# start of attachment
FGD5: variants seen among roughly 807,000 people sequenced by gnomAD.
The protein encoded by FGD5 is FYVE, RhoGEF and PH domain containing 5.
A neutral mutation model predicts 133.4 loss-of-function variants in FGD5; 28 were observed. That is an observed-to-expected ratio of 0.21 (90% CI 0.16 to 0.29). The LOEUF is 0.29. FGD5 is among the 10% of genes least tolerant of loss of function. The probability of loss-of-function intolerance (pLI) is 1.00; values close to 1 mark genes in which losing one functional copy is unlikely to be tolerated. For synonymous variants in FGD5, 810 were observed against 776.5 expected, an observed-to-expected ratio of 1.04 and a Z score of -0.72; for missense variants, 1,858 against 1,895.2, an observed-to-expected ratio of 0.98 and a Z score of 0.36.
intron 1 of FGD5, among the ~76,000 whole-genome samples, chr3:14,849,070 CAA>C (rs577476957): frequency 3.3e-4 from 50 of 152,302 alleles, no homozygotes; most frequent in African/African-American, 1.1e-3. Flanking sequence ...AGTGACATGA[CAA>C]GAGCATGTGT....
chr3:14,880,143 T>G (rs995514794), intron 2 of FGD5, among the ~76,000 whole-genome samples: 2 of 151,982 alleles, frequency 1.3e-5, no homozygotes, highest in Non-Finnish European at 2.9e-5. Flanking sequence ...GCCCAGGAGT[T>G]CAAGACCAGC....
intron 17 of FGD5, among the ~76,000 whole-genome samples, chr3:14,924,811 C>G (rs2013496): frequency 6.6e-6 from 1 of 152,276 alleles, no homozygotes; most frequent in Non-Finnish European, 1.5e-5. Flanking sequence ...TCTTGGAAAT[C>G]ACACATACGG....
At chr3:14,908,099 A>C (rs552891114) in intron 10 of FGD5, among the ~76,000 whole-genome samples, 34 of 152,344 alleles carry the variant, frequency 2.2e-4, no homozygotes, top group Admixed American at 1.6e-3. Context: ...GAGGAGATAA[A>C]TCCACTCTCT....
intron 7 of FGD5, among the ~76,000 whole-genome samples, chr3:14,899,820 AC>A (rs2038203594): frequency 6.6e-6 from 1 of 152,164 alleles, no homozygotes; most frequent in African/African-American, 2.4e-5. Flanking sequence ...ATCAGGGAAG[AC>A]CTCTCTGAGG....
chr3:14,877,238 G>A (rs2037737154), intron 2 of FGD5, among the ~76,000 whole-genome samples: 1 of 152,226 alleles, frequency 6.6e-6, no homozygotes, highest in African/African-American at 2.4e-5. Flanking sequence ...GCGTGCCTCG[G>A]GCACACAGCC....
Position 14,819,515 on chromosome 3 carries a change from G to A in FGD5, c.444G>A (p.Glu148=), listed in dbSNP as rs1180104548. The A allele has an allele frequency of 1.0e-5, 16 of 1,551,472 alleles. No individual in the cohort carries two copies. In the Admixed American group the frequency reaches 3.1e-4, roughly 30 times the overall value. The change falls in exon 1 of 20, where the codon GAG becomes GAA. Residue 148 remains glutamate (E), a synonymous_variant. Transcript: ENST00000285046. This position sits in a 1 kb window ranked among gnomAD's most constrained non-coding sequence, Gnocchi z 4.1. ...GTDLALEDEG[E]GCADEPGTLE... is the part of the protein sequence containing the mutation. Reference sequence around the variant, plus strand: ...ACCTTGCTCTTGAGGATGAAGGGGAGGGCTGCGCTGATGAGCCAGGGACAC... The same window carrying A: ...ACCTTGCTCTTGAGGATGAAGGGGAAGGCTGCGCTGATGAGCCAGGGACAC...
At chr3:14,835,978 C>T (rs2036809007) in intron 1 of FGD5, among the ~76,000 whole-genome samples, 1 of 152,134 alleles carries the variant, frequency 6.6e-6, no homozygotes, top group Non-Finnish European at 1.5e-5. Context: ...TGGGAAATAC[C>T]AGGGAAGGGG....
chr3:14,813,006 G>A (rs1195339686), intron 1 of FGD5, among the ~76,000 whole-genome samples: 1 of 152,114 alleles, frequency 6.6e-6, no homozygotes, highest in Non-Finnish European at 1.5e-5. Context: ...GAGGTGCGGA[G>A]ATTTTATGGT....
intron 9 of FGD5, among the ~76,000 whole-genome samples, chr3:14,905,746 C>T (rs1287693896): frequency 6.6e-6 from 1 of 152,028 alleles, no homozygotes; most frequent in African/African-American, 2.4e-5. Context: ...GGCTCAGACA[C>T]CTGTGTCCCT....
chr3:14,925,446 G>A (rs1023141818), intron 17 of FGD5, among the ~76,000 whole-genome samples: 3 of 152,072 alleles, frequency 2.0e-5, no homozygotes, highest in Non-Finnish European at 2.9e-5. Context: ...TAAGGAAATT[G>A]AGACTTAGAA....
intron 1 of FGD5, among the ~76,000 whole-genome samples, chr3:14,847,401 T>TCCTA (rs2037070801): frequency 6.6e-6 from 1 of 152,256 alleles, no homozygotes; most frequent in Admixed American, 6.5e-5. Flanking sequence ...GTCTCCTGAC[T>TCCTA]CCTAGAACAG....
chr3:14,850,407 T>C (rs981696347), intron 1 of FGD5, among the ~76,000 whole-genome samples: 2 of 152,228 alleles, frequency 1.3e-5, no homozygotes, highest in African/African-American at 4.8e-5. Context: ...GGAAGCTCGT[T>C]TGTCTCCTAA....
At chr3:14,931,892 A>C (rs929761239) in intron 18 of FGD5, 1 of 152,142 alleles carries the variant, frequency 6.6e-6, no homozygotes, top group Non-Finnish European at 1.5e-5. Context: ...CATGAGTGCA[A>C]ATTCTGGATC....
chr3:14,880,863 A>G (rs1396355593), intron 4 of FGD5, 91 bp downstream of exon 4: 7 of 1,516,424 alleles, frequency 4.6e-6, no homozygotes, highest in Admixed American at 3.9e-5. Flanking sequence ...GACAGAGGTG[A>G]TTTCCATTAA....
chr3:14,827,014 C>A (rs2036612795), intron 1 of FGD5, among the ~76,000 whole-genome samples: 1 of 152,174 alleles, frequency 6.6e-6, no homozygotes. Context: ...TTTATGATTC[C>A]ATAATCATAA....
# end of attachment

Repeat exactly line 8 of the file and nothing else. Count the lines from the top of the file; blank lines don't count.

intron 7 of FGD5, among the ~76,000 whole-genome samples, chr3:14,899,820 AC>A (rs2038203594): frequency 6.6e-6 from 1 of 152,164 alleles, no homozygotes; most frequent in African/African-American, 2.4e-5. Flanking sequence ...ATCAGGGAAG[AC>A]CTCTCTGAGG....